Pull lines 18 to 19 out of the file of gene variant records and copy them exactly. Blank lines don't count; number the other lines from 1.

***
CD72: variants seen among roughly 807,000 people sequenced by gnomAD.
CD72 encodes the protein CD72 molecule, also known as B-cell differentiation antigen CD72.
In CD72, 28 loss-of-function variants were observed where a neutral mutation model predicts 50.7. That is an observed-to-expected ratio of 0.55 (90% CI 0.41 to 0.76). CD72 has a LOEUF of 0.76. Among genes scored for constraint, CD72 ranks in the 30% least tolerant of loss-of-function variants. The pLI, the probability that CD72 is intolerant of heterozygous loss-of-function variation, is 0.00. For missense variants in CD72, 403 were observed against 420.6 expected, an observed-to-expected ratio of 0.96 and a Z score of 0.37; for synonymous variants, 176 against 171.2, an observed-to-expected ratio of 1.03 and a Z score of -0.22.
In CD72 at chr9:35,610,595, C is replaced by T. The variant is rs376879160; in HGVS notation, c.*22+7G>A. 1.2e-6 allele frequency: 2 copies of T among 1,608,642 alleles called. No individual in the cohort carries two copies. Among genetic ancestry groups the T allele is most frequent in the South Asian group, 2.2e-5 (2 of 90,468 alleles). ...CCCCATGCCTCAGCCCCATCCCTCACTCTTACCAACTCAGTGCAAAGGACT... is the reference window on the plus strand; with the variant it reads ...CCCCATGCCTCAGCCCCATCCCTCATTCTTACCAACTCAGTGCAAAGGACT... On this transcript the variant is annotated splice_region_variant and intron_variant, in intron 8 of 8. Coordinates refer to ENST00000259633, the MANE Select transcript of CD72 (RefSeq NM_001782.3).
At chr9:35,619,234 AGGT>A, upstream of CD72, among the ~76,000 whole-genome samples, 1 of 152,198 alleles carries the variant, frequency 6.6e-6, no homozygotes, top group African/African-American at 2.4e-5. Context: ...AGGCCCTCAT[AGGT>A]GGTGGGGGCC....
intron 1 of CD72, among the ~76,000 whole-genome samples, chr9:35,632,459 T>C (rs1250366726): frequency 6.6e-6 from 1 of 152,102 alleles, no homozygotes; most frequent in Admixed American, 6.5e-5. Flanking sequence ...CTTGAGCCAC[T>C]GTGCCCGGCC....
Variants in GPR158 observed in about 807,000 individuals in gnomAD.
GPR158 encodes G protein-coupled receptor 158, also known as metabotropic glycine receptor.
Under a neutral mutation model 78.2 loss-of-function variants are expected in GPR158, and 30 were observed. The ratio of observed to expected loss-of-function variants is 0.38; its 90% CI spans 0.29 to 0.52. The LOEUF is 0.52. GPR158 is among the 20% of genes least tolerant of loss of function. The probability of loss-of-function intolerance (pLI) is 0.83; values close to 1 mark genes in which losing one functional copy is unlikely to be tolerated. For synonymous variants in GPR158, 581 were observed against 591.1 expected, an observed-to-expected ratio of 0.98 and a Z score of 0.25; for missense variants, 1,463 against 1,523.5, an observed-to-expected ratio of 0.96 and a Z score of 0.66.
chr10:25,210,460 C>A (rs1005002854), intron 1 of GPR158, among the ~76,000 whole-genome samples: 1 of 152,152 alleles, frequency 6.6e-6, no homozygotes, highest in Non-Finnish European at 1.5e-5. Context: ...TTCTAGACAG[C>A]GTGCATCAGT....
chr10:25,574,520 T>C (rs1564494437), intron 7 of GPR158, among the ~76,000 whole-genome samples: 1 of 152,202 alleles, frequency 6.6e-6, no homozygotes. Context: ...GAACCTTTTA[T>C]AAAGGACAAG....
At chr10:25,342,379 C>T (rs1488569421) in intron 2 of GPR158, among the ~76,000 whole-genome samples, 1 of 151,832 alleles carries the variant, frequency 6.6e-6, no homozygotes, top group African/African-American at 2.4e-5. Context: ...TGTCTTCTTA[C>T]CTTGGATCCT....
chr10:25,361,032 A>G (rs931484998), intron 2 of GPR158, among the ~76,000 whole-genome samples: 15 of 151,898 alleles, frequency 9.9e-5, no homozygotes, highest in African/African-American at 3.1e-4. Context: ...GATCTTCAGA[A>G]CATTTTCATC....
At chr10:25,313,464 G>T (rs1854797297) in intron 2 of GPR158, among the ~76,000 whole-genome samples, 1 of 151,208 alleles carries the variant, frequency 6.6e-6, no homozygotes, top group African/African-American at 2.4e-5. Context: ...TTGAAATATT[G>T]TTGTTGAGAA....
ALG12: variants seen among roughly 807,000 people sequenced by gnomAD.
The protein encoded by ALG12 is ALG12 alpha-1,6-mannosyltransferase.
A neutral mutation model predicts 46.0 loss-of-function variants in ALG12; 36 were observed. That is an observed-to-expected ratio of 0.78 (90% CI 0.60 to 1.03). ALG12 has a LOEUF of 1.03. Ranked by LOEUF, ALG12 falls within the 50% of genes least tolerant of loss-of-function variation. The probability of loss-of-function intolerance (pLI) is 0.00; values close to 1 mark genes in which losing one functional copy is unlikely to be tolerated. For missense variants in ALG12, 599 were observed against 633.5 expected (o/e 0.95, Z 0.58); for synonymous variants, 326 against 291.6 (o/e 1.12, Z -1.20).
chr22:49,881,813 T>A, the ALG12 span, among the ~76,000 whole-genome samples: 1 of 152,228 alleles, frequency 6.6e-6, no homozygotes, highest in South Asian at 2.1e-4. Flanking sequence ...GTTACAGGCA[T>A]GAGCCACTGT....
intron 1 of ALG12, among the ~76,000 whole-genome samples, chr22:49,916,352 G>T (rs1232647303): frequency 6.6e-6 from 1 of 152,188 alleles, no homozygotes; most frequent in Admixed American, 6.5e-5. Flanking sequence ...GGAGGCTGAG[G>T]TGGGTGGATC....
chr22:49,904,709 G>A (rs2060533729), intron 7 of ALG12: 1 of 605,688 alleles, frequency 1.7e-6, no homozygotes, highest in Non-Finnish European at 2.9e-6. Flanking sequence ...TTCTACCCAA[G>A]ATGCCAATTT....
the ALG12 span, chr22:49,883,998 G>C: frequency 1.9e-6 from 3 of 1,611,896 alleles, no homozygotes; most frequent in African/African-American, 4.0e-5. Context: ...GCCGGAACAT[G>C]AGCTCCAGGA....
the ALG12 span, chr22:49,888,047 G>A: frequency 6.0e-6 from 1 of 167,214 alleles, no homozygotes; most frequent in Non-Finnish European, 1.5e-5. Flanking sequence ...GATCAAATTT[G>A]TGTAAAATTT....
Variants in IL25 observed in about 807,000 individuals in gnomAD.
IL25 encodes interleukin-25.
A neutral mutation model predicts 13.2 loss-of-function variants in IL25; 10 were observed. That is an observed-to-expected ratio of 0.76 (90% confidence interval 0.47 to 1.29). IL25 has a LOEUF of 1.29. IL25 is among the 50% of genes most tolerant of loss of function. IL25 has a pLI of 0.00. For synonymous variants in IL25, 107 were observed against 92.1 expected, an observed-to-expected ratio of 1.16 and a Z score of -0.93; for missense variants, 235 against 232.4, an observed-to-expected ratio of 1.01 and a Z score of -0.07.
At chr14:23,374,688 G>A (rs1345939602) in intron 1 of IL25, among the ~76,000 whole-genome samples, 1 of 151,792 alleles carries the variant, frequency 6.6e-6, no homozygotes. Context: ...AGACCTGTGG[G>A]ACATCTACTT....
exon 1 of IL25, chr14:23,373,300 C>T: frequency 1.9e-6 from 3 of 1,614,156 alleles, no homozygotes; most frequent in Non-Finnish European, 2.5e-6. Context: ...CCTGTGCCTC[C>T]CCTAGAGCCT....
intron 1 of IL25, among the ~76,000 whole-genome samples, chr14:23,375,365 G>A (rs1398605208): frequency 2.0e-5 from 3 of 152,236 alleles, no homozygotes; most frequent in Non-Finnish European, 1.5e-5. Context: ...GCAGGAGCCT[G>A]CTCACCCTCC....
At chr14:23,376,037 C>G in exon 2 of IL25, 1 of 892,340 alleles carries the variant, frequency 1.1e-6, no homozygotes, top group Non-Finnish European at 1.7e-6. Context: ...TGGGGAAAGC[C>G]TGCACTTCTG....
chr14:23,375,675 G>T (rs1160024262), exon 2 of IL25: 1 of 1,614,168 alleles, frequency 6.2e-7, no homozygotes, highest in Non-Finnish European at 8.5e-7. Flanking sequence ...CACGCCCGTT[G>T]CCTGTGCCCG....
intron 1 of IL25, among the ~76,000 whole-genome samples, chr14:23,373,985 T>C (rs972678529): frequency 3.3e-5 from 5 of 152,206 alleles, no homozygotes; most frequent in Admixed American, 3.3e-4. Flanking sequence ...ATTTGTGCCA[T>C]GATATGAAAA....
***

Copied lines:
chr22:49,881,813 T>A, the ALG12 span, among the ~76,000 whole-genome samples: 1 of 152,228 alleles, frequency 6.6e-6, no homozygotes, highest in South Asian at 2.1e-4. Flanking sequence ...GTTACAGGCA[T>A]GAGCCACTGT....
intron 1 of ALG12, among the ~76,000 whole-genome samples, chr22:49,916,352 G>T (rs1232647303): frequency 6.6e-6 from 1 of 152,188 alleles, no homozygotes; most frequent in Admixed American, 6.5e-5. Flanking sequence ...GGAGGCTGAG[G>T]TGGGTGGATC....